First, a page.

Saturday, November 22, 2008

My Kitchen, My World: Iran

Before I describe my experience with Persian cooking, let me tell you about two things I learned.

1. One person's difficult/hard recipe is another person's easy recipe.

2. Dehydrated herbs, in quantity, are to be avoided.

Now, on with the story.

When I learned that we were traveling to Iran this week, I contacted my neighbor, who is also my excess-baked-goods recipient. I knew that one of her friends came from the central Asia region, so I decided to find out which country it was, hopes high. Much to my pleasure, she told me that F was indeed from Iran and would be more than willing to share some recipes with me. So, F and I met at a local coffee shop and she showered me with 4 recipes, instructions, and some dried whole lemons.

She also referred me to a local shop that might have some of the less common ingredients. Her generosity was amazing.

After we parted, I went straight to the shop, and found the three ingredients in question. F had suggested that for one dish, using the dried herbs would be much quicker than washing and chopping all the fresh ones, so based on her recommendation, I bought this:

Combining the recipe on the can and F's recipe, I prepared Gormeh Sabzi. On one level, it was a delicious, lemony meal, but oh, those dehydrated herbs! They just never lost that grassy taste, even after soaking, sauteeing, and cooking. I will have to remake this dish using the fresh ingredients, for I am sure it will be ten times better that way. I really don't recommend using them if you ever make this. Also, I did substitute beef for lamb, which F does as well, since she doesn't like the taste of lamb.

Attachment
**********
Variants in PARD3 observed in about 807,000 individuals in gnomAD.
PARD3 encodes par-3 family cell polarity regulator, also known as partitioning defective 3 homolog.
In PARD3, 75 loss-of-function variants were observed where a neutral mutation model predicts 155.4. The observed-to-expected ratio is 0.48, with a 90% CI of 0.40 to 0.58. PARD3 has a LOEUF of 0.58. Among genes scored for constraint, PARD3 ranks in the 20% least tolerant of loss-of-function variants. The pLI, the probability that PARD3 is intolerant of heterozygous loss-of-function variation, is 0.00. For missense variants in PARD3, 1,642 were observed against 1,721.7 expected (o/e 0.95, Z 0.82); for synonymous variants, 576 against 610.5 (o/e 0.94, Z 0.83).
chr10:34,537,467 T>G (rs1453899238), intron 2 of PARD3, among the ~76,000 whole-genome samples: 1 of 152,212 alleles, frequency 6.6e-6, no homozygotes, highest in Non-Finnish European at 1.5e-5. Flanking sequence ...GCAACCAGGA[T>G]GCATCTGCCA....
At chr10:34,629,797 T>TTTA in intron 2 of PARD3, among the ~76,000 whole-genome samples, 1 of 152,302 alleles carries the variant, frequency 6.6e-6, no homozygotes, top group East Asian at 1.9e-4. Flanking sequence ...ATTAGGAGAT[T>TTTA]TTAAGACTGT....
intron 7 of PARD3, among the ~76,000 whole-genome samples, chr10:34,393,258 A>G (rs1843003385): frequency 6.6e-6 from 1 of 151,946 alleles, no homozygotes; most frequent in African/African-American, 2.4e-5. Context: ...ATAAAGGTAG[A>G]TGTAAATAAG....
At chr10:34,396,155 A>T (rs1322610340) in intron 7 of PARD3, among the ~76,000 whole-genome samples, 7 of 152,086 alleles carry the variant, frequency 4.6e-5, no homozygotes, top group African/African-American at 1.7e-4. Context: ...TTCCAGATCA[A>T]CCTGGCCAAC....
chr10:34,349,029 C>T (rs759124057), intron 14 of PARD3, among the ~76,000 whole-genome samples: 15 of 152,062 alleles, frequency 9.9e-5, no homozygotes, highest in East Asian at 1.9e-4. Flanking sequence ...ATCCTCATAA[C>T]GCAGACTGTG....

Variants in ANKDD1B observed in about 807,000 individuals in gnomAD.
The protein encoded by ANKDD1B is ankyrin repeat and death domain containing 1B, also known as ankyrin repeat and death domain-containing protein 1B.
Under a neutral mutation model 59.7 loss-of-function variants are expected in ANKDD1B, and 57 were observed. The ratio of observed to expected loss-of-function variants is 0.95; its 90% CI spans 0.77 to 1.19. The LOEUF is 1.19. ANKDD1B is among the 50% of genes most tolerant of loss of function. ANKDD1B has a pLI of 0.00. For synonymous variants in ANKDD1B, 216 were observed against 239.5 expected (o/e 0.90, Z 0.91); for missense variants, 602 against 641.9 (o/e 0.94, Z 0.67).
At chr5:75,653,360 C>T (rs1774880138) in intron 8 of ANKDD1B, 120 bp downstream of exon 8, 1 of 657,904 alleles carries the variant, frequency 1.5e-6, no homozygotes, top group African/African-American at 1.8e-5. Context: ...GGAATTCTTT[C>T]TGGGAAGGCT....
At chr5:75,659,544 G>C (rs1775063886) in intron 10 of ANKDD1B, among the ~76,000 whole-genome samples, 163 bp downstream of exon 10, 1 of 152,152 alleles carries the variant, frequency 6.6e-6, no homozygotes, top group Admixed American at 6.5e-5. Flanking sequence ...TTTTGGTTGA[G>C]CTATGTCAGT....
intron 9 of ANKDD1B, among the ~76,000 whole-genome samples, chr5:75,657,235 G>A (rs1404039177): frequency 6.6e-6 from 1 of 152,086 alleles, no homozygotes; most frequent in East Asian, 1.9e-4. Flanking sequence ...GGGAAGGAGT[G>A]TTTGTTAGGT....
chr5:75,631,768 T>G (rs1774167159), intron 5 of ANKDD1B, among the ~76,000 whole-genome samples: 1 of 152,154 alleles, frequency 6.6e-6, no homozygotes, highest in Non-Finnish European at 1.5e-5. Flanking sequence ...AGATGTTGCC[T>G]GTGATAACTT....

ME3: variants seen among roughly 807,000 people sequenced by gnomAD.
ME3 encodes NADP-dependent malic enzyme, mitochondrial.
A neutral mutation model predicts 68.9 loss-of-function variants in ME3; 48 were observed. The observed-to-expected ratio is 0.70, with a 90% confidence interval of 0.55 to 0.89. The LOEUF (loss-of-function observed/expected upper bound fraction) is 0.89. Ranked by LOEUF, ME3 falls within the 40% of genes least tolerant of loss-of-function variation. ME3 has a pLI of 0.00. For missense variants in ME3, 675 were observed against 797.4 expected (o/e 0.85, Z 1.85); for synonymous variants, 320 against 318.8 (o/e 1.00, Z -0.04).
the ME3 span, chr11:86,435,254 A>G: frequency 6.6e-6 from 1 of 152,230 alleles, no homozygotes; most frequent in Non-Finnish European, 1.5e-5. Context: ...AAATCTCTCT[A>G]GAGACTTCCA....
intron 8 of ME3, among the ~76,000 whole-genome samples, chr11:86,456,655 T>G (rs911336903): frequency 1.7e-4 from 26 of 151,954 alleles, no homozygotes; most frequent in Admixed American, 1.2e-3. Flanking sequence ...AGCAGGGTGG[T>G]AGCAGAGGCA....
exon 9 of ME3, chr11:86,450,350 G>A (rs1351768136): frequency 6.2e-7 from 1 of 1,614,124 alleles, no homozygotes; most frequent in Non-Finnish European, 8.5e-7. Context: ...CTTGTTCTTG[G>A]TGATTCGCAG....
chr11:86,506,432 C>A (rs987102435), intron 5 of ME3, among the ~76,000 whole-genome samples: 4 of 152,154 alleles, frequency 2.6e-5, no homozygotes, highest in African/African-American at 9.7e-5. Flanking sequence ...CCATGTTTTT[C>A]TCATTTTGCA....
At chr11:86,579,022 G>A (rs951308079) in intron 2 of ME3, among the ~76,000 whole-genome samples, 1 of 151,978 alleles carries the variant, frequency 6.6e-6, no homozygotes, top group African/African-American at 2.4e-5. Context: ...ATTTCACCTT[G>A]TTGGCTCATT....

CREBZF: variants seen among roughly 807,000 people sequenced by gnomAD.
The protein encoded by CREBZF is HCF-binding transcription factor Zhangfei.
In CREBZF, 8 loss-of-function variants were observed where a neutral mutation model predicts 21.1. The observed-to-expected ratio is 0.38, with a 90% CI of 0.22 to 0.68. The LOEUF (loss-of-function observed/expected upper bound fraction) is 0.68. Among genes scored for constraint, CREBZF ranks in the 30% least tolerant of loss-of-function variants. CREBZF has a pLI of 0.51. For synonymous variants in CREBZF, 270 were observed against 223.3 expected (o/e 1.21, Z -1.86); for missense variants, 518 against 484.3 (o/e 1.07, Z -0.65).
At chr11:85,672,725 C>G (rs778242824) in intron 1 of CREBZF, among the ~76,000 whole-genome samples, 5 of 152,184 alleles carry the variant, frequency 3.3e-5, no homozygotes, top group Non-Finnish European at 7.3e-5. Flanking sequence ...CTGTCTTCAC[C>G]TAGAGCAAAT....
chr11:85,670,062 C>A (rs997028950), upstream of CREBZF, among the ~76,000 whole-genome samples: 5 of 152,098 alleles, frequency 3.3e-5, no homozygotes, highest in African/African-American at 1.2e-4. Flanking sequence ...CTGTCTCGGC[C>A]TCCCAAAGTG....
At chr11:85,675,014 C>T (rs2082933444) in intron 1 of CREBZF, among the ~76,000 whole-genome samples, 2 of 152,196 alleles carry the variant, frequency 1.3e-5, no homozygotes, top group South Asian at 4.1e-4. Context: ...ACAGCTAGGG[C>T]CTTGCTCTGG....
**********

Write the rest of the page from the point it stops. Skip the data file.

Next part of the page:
Since F gave me four recipes, I now have three left to try. I will only use fresh ingredients, because, for me, it is not a burden to wash and chop. I will be sure to write a post about them as they are each different from one another: Fesenjan, Dizi, and Tah Chin. (When I re-post the remake for Gormeh Sabzi, I will include the recipe.)

Thanks to Elra for taking us to Iran this week, to Lauren for hosting, and to Susan for having a vision.


Michelle Dargen said...

I am going to have to try Gormeh Sabzi. It sounds like a great dish. What are the whole dried lemons for? They sound so cool!

Megan said...

Those lemons look.......interesting. Can't wait to see what you do with them.

KC said...

Gormeh Sabzi sounds wonderful. Sabzi must mean herbs. I want to make Kookoo Sabzi and that recipe calls for a kilo of fresh herbs.

NKP said...

How great that you have some inspiration for this week's country.
Lemony is my favourite kind of flavour - I bought some dried limes but I don't know what to do with them!
Looking forward to your other dishes too,

Dewi said...

Hi Judy, I am so sorry that you're disappointed with that dried herb. we make a very similar dish (though the name of the dish is quite different), too bad you didn't list the ingredients, so I don't really know weather this is the same dish.

I really recommend you to try fasenjan, since pomegranate is in season right now. Fasenjan is really deicious, I think really going to love this one. I make fasenjan from time to time, I also posted the recipe, Check it out if you have the time. Good luck for your next Iranian dishes!